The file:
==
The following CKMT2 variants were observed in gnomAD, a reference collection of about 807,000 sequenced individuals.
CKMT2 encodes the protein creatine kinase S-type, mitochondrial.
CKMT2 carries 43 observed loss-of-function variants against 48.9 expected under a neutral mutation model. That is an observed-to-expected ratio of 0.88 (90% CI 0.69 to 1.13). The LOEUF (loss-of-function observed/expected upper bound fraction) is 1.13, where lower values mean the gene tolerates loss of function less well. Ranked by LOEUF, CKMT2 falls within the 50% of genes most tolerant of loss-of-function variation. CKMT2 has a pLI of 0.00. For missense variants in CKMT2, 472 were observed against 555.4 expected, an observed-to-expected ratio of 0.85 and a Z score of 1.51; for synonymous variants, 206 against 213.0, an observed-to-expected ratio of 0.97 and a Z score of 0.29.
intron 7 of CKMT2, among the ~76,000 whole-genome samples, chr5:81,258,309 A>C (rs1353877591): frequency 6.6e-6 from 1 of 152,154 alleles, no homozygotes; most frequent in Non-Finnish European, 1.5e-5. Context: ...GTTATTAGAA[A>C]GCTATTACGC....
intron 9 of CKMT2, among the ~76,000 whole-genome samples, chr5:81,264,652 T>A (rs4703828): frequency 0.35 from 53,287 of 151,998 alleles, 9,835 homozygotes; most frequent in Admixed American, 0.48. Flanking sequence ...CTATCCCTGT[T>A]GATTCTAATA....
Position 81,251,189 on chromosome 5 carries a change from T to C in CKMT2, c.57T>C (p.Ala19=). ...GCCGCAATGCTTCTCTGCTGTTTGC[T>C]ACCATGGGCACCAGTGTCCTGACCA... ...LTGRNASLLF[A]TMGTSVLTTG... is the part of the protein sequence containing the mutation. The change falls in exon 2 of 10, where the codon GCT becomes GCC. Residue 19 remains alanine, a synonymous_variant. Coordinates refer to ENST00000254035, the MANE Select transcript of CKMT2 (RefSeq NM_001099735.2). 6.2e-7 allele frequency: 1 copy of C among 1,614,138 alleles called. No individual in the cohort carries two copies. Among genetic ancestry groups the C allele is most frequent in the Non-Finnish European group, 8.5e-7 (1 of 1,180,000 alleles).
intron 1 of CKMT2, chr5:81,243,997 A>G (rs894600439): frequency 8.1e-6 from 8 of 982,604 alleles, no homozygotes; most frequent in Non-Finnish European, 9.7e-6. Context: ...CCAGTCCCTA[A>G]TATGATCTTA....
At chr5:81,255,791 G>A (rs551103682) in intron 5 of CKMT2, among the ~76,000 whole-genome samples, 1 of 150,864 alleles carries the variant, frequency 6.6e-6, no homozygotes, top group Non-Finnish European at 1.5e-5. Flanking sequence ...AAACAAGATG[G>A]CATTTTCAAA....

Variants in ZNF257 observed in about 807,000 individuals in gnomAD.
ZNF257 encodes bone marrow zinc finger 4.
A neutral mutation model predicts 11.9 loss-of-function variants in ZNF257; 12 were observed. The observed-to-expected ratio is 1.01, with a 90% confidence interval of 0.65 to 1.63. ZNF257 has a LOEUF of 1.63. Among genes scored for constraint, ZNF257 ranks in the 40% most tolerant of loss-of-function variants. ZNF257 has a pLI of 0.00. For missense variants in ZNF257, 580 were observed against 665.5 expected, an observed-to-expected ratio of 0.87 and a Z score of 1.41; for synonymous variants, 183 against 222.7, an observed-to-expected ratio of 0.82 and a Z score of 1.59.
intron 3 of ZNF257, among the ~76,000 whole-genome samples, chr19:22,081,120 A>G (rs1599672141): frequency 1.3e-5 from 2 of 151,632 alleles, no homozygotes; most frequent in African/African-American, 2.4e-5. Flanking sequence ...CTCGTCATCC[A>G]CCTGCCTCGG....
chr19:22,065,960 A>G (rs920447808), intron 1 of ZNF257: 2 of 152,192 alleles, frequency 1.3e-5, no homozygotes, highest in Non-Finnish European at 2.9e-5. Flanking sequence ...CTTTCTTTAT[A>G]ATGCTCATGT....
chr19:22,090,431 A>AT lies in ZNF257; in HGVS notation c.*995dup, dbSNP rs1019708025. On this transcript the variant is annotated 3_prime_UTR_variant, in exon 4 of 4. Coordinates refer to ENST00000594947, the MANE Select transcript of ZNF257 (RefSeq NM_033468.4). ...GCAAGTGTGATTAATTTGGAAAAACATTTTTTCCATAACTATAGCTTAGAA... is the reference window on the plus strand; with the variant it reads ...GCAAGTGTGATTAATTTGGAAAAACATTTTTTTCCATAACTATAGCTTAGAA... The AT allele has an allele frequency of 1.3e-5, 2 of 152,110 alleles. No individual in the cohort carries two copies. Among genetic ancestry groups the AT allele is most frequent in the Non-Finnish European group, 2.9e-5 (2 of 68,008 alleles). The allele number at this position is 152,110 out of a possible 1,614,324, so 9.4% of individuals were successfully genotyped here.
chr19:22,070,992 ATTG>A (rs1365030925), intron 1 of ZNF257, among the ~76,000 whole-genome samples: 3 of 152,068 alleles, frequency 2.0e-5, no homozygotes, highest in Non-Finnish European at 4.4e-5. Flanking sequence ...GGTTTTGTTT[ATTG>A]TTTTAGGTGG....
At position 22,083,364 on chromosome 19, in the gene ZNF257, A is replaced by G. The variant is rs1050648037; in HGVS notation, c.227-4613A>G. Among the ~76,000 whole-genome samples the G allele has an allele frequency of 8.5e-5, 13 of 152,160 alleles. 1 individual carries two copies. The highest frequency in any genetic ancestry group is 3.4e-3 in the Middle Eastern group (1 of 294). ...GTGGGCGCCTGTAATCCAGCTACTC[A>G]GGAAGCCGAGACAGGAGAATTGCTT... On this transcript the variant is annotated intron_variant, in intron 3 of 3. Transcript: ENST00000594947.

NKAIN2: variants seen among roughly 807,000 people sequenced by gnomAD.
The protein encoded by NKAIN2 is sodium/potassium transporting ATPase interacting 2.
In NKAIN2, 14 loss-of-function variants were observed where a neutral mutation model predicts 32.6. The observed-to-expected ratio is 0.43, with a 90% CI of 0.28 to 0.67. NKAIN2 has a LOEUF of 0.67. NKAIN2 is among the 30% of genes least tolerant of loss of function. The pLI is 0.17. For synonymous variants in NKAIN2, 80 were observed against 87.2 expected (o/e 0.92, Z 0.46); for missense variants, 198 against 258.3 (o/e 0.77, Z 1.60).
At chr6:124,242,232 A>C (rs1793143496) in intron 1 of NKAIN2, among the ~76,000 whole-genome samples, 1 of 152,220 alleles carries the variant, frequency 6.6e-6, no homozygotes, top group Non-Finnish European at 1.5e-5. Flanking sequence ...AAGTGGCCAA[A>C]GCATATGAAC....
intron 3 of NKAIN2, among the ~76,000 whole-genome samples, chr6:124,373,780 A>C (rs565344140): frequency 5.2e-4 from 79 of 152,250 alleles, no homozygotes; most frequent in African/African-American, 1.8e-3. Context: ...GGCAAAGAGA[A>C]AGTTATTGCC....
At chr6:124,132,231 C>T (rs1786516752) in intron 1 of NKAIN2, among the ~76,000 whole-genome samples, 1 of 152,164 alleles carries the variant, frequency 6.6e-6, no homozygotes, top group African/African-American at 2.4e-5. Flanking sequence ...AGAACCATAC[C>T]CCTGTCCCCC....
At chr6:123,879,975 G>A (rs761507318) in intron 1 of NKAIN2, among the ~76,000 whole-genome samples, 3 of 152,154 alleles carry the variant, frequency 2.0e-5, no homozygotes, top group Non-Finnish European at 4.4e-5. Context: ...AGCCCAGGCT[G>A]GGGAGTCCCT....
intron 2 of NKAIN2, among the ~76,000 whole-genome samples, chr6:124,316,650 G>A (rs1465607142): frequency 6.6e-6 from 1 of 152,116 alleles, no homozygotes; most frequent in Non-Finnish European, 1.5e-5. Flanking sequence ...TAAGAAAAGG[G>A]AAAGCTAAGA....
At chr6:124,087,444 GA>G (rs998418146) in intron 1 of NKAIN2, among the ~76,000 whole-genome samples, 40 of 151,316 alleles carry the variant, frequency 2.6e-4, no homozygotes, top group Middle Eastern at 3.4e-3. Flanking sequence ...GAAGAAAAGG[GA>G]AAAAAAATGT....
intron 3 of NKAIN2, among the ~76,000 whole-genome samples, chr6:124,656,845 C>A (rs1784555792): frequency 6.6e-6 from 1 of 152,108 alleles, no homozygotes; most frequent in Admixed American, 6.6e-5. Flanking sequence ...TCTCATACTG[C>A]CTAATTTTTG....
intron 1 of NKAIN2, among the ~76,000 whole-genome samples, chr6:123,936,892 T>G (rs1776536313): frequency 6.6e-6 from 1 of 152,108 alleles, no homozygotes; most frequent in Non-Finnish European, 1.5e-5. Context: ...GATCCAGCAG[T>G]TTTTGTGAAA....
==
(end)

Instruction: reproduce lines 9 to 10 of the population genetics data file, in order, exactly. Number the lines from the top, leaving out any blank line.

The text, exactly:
Variants in ZNF257 observed in about 807,000 individuals in gnomAD.
ZNF257 encodes bone marrow zinc finger 4.